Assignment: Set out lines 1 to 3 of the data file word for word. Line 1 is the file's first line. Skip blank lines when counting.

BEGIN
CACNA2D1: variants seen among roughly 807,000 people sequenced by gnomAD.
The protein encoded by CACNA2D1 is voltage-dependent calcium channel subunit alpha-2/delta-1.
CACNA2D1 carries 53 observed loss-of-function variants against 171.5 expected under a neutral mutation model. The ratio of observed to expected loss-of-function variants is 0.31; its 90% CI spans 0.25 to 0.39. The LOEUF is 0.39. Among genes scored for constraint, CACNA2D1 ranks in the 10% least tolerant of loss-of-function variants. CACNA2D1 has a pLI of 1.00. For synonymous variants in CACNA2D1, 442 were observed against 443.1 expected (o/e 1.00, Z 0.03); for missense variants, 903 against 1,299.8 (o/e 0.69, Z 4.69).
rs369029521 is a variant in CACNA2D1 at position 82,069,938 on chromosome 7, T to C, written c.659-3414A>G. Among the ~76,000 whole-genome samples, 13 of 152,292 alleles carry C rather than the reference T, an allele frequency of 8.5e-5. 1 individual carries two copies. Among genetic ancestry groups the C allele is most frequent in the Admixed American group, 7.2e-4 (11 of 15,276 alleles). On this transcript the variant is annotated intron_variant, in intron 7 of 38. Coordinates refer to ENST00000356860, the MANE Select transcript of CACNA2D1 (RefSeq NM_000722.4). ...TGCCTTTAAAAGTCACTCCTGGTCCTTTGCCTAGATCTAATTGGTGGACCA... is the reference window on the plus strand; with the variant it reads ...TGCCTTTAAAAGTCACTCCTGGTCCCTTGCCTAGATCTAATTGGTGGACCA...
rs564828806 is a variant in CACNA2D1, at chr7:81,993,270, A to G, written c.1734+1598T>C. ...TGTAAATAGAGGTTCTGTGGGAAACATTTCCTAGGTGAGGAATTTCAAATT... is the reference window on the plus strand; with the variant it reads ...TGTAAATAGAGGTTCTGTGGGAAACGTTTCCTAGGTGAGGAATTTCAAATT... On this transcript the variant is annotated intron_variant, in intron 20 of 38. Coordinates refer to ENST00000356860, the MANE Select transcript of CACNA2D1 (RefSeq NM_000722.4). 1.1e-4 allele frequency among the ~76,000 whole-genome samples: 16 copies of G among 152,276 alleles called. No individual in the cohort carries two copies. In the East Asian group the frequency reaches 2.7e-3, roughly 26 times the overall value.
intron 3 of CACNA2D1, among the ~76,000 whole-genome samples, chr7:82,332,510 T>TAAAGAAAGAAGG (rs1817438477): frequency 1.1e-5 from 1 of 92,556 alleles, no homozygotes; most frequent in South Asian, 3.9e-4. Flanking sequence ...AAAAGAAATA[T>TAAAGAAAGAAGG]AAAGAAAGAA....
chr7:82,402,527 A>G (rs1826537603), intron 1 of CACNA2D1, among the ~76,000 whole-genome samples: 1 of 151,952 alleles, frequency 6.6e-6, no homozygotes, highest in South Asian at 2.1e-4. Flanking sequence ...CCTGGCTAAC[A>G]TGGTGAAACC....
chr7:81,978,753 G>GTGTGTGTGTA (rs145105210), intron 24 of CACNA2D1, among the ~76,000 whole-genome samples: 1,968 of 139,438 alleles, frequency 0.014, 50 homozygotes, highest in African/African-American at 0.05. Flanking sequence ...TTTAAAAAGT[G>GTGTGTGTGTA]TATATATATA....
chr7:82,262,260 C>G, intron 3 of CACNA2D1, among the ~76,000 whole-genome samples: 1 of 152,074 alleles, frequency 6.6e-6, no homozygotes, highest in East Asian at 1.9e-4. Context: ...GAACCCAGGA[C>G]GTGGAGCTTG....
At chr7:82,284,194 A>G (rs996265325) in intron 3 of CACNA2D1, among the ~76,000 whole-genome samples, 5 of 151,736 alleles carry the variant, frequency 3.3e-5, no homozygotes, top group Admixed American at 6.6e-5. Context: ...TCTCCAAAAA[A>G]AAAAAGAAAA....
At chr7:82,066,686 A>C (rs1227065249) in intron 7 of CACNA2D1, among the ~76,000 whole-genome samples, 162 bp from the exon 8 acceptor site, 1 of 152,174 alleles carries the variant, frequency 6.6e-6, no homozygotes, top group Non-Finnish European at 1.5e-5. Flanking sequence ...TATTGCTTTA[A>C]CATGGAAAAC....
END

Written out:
CACNA2D1: variants seen among roughly 807,000 people sequenced by gnomAD.
The protein encoded by CACNA2D1 is voltage-dependent calcium channel subunit alpha-2/delta-1.
CACNA2D1 carries 53 observed loss-of-function variants against 171.5 expected under a neutral mutation model. The ratio of observed to expected loss-of-function variants is 0.31; its 90% CI spans 0.25 to 0.39. The LOEUF is 0.39. Among genes scored for constraint, CACNA2D1 ranks in the 10% least tolerant of loss-of-function variants. CACNA2D1 has a pLI of 1.00. For synonymous variants in CACNA2D1, 442 were observed against 443.1 expected (o/e 1.00, Z 0.03); for missense variants, 903 against 1,299.8 (o/e 0.69, Z 4.69).